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Alert Number 182

CLL Topics in the News

Date: August 2, 2006

Some of you have brought the article published in the Washington Post to my attention, since CLL Topics was mentioned favorably in it. This is the saga of a reporter who went looking for medical information on the Internet, when one of his family members was diagnosed with CLL. You can read the full article by clicking on the link below. I decided to write to the reporter, Craig Stoltz (his email address was at the bottom of the article). I thought you might like to see what I said to him, and therefore attached my letter (below). If you feel so inclined, he may appreciate hearing from other readers of his article as well.
Link to Washington Post Article

One step at a time, we are beginning to be noticed, being heard and having an impact. Our biggest source of strength is our grassroots support from you folks. Nothing we do on CLL Topics will be of any value without it. Thank you for your unwavering support, it is truly the wind beneath our wings.

Be well,



From: Chaya Venkat
Sent: Wednesday, August 02, 2006 3:30 PM
To: Mr. Craig Stoltz
Cc: P. C. Venkat
Subject: "A ten year check-up"

Dear Mr. Stoltz:

I read your article of August 1, 2006 in the Washington Post with great interest. Thank you for your kind references to our organization, CLL Topics, Inc.

Please allow me to introduce myself and the group I represent. I am a “CLL spouse” - my husband was diagnosed with CLL in the summer of 2001. Five years ago, the path you took was a lot more frustrating - there were far fewer sources of credible and understandable medical information relating to CLL. My background as a researcher and scientist helped, and I spent every waking moment reading every article I could find in the professional journals. I still do. CLL Topics grew out of my desire to share what I have learned with other patients and their families. I am the Founder and President, as well as the science writer. PC, my husband and CLL patient in our family, is our editor and webmaster. We work harder on this labor of love than we did when we both had challenging professional careers.

We are now the leading Internet-based, patient run Chronic Lymphocytic Leukemia (CLL) education and support group. We are a fully volunteer based and non-profit organization. Our website gets more than 30,000 visits every month from CLL patients all over the world. We try to provide our members with well-documented reviews of cutting edge CLL research, clinical trial information, prognostics and therapy options, as well as explain the complex science in lay-person language. By a process of self-selection, our cohesive membership tends to be well informed, pro-active in taking charge of their own health care needs, and more likely to be interested in learning about and participating in new clinical trials in the management of their disease.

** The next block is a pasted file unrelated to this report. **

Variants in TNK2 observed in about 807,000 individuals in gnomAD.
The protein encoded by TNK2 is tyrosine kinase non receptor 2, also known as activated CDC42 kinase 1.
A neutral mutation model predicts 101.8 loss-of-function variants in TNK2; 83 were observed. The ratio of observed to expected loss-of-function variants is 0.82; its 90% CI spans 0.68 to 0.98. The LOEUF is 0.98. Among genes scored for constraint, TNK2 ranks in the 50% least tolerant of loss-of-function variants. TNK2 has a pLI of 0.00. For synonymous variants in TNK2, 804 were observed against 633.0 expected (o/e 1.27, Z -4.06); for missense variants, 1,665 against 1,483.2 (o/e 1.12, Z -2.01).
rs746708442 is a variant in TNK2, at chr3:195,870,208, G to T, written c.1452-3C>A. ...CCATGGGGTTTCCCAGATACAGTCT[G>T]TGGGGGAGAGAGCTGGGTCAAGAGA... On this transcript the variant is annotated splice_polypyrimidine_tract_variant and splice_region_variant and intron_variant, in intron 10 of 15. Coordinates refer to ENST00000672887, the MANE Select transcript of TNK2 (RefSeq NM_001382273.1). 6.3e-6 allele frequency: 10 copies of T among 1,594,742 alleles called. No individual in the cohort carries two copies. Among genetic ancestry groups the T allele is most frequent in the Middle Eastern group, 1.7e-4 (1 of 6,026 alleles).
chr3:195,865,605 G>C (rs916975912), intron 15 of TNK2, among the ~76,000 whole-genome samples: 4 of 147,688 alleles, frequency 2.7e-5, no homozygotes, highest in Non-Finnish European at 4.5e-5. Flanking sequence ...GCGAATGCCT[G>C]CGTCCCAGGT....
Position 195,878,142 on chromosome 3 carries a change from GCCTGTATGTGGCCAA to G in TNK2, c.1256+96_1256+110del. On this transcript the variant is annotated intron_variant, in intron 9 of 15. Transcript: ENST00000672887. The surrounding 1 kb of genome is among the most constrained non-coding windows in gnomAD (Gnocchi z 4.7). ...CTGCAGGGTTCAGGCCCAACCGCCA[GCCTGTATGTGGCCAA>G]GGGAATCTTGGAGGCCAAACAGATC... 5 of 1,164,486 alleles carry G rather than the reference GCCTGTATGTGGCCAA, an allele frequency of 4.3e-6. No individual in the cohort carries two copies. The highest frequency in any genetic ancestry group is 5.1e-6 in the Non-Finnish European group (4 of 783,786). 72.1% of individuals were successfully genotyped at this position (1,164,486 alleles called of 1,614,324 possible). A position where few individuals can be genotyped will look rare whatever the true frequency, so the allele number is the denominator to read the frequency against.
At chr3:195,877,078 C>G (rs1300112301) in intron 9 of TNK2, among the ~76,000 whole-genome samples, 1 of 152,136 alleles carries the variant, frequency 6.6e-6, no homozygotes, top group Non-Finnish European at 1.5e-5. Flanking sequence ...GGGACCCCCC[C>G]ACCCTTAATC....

Using patient donations (we refuse money from anyone even remotely connected with the healthcare industry), we have funded clinical trials that are of interest to our patients, especially those that are not likely to get funded by drug companies. Our reviews have significant impact on clinical trial recruitment, one of the major hurdles in any clinical study. Clinical trials that we review favorably tend to get “sold out” very quickly! We have begun to influence and change the way our patients are treated. We review and bring to the attention of our patients “Best Practices” published in reputable journals and acknowledged experts, and encourage our patients to take hard copies of these full text professional articles to their local oncologists. We think of this as CME (Continuing Medical Education) from the bottom up, the new paradigm for our internet age. Many hundreds more oncologists are getting to hear about the latest advances from their patients, even if they don’t take the time out of their busy practices to go through formal CME programs.

Thank you for your thought provoking article. There is a lot of junk and “snake oil” on the Internet, but there are also serious efforts to build web-based patient communities like ours. If you have any additional comments on our website, we would be most interested to hear them.

Yours sincerely,

Chaya Venkat

Dr. Chaya Venkat
President, CLL Topics Inc.

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